Where to buy a wok & Asian cooking staples in Paris
- juliemarie8 May 19, 2012 02:31 PM
Asian is my favorite type of cuisine, but I rarely cook Asian recipes at home (except for Thai curry), and I want to start doing this on a regular basis. Any suggestions on where to buy a wok in Paris? The 13th seems like an obvious area to head to, but I'm just not familiar with any of the stores.
I'd like to get a wok first and eventually a rice steamer if I can find one that's not too expensive.
I also plan to visit an Asian grocery store within the week to stock up on the basics for cooking at home. I'm planning to stick to healthy versions of stir fry, Thai dishes, soups, and rice noodles. Any suggestions for must-have staples would be greatly appreciated as well!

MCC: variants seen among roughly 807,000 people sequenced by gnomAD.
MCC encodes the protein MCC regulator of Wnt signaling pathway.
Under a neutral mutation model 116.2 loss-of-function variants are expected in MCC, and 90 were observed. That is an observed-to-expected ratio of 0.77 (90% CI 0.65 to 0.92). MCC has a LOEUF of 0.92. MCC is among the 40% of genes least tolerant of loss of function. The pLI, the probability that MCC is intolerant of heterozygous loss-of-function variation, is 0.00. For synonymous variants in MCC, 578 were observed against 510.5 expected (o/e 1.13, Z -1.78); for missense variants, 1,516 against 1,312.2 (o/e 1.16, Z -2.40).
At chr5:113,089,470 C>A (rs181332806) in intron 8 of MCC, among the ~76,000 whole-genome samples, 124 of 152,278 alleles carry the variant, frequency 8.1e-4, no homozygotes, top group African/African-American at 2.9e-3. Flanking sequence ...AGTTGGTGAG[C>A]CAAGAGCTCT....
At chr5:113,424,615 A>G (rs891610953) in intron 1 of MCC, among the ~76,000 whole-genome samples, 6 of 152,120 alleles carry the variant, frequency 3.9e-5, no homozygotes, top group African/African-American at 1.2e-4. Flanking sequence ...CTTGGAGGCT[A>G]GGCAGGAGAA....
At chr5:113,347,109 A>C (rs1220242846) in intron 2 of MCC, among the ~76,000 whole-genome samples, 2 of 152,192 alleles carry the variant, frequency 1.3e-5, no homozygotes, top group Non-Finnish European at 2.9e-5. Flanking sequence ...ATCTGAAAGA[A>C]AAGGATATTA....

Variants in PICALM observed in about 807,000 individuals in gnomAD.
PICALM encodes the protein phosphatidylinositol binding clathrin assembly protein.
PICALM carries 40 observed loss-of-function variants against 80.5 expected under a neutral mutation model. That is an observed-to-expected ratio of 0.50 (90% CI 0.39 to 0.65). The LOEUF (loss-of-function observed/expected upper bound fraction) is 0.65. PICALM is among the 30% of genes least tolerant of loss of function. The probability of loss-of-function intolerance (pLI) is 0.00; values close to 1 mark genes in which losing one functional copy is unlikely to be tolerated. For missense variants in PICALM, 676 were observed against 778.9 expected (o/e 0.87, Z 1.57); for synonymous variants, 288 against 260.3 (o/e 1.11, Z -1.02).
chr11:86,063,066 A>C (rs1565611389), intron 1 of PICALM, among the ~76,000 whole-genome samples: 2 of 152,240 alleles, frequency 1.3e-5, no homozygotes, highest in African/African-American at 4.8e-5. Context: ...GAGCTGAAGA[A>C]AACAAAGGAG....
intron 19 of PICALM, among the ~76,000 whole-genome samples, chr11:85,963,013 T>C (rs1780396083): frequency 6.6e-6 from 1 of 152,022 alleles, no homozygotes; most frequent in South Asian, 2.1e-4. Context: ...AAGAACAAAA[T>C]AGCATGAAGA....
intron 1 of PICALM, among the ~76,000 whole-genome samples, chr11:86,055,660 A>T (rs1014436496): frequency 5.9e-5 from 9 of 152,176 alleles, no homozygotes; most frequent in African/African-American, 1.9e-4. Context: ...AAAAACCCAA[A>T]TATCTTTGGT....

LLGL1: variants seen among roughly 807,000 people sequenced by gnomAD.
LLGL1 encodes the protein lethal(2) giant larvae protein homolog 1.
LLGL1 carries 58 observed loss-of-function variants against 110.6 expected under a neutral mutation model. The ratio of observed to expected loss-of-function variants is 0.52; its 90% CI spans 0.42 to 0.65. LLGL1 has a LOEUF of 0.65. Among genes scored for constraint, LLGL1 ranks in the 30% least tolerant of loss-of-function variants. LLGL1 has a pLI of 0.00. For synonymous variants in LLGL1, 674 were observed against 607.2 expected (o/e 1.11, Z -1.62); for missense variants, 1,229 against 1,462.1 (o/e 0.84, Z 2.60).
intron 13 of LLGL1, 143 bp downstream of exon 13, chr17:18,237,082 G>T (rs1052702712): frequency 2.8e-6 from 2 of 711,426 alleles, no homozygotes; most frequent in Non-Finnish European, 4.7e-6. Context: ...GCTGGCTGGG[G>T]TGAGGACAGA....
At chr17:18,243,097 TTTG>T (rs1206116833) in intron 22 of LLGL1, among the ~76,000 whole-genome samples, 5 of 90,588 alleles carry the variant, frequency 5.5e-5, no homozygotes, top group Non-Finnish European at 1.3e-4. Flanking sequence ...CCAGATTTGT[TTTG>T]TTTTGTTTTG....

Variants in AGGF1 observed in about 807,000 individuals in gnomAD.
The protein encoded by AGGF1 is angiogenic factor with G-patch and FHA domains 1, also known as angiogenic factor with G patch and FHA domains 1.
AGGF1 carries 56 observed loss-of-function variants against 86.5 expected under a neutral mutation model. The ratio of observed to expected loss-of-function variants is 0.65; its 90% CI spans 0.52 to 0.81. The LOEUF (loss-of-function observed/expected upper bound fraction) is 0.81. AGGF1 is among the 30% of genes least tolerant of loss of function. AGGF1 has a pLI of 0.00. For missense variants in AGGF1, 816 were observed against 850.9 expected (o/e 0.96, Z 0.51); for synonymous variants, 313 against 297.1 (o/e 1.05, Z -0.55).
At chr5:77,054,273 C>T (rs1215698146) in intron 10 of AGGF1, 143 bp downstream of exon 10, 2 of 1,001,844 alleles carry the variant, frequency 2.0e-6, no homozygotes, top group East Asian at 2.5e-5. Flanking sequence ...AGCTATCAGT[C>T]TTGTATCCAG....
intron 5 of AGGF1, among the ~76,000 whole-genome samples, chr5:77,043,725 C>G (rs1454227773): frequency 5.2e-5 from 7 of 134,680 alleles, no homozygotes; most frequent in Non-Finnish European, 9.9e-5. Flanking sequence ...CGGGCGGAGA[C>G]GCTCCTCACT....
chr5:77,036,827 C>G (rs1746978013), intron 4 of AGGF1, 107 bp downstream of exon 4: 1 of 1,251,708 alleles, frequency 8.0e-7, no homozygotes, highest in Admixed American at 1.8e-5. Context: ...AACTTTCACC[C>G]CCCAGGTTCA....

Thanks for your help!
Tang Freres is the13eme is the best spot. It is very big and well stocked so good for a one stop shop for ingredients and hardware like Wok's and Steamers. The shops around there may be better for fresh veggies etc but I would suggest getting started with Tang then branching out.
My advice on buying staples is to get a couple of good books and simply buy for each recipe, but buy things like light and dark soy, fish sauce, bean sauce etc in medium sizeed containers as they are staples. Do note that Chinese and Thai use quite different ingredients so you tend to build up different sets of base ingredients. And unless you plan to make your own coconut cream and milk (which is always best but labour intensive) from fresh coconut buy tins of cream and milk in bulk if you see them cheap. If cooking Thai do make your own pastes don't use commercial ones - it makes a real difference.